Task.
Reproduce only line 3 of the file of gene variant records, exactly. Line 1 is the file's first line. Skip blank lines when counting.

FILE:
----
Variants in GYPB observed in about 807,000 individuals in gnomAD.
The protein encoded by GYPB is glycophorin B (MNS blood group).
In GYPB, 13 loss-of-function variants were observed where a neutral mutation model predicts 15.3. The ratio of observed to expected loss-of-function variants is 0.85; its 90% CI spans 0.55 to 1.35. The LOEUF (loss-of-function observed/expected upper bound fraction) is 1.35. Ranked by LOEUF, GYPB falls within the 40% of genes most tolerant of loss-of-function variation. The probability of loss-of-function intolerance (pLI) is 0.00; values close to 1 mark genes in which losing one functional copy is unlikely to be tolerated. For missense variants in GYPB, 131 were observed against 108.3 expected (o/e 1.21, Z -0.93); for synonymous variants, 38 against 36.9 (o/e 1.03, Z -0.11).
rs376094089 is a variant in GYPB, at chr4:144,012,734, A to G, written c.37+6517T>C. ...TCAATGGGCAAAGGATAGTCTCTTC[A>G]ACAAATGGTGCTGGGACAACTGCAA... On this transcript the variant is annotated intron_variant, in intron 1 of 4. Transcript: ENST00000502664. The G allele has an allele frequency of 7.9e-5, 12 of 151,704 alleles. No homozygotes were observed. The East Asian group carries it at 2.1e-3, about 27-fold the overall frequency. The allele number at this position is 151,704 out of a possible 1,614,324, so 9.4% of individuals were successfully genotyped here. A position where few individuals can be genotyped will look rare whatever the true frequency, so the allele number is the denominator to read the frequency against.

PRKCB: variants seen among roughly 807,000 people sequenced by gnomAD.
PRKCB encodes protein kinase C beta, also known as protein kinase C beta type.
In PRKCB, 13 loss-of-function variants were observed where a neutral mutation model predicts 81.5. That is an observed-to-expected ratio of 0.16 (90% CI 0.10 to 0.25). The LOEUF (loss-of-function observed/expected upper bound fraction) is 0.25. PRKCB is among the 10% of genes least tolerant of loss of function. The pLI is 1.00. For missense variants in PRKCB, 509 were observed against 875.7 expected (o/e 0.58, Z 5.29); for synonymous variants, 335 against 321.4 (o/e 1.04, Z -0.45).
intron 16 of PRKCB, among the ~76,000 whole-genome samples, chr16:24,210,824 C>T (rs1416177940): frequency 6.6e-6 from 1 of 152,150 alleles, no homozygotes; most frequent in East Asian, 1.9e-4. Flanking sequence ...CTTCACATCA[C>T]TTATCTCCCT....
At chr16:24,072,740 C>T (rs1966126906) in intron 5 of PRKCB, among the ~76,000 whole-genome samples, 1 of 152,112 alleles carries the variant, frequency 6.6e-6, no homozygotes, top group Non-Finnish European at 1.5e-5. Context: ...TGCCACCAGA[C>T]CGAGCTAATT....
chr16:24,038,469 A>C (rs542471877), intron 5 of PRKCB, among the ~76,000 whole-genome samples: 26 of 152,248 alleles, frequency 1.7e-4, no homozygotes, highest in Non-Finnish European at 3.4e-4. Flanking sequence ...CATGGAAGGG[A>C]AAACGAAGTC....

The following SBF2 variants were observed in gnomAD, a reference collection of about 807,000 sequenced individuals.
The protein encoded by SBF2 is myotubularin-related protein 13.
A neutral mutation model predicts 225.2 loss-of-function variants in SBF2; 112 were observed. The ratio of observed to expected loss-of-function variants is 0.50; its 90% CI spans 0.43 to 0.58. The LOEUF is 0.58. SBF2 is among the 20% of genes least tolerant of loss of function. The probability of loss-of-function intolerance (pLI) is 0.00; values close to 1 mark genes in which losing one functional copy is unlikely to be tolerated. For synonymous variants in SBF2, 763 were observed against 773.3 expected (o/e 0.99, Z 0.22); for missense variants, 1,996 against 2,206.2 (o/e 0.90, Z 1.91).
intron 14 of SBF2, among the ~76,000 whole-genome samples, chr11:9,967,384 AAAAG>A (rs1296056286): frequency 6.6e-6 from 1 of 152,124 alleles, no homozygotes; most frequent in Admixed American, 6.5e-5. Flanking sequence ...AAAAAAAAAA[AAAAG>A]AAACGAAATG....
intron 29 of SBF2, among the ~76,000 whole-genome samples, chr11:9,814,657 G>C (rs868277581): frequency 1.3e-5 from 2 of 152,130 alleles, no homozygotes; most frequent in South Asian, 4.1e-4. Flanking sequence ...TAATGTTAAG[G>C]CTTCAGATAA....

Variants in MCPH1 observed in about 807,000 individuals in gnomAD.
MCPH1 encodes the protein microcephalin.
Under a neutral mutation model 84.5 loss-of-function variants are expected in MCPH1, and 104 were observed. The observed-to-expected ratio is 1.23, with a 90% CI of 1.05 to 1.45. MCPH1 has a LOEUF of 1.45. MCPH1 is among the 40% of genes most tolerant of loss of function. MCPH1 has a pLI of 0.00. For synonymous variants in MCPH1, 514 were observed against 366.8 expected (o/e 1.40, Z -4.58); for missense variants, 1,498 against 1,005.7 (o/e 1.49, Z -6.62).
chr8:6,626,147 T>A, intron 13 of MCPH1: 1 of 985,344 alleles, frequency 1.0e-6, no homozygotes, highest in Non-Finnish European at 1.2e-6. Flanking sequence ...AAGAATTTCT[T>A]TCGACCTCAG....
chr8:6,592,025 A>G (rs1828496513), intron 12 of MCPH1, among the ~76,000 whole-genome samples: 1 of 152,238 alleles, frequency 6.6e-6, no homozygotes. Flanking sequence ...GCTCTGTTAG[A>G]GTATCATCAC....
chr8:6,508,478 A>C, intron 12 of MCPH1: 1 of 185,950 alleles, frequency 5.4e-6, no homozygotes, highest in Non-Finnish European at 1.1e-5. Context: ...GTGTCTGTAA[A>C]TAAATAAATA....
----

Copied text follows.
In GYPB, 13 loss-of-function variants were observed where a neutral mutation model predicts 15.3. The ratio of observed to expected loss-of-function variants is 0.85; its 90% CI spans 0.55 to 1.35. The LOEUF (loss-of-function observed/expected upper bound fraction) is 1.35. Ranked by LOEUF, GYPB falls within the 40% of genes most tolerant of loss-of-function variation. The probability of loss-of-function intolerance (pLI) is 0.00; values close to 1 mark genes in which losing one functional copy is unlikely to be tolerated. For missense variants in GYPB, 131 were observed against 108.3 expected (o/e 1.21, Z -0.93); for synonymous variants, 38 against 36.9 (o/e 1.03, Z -0.11).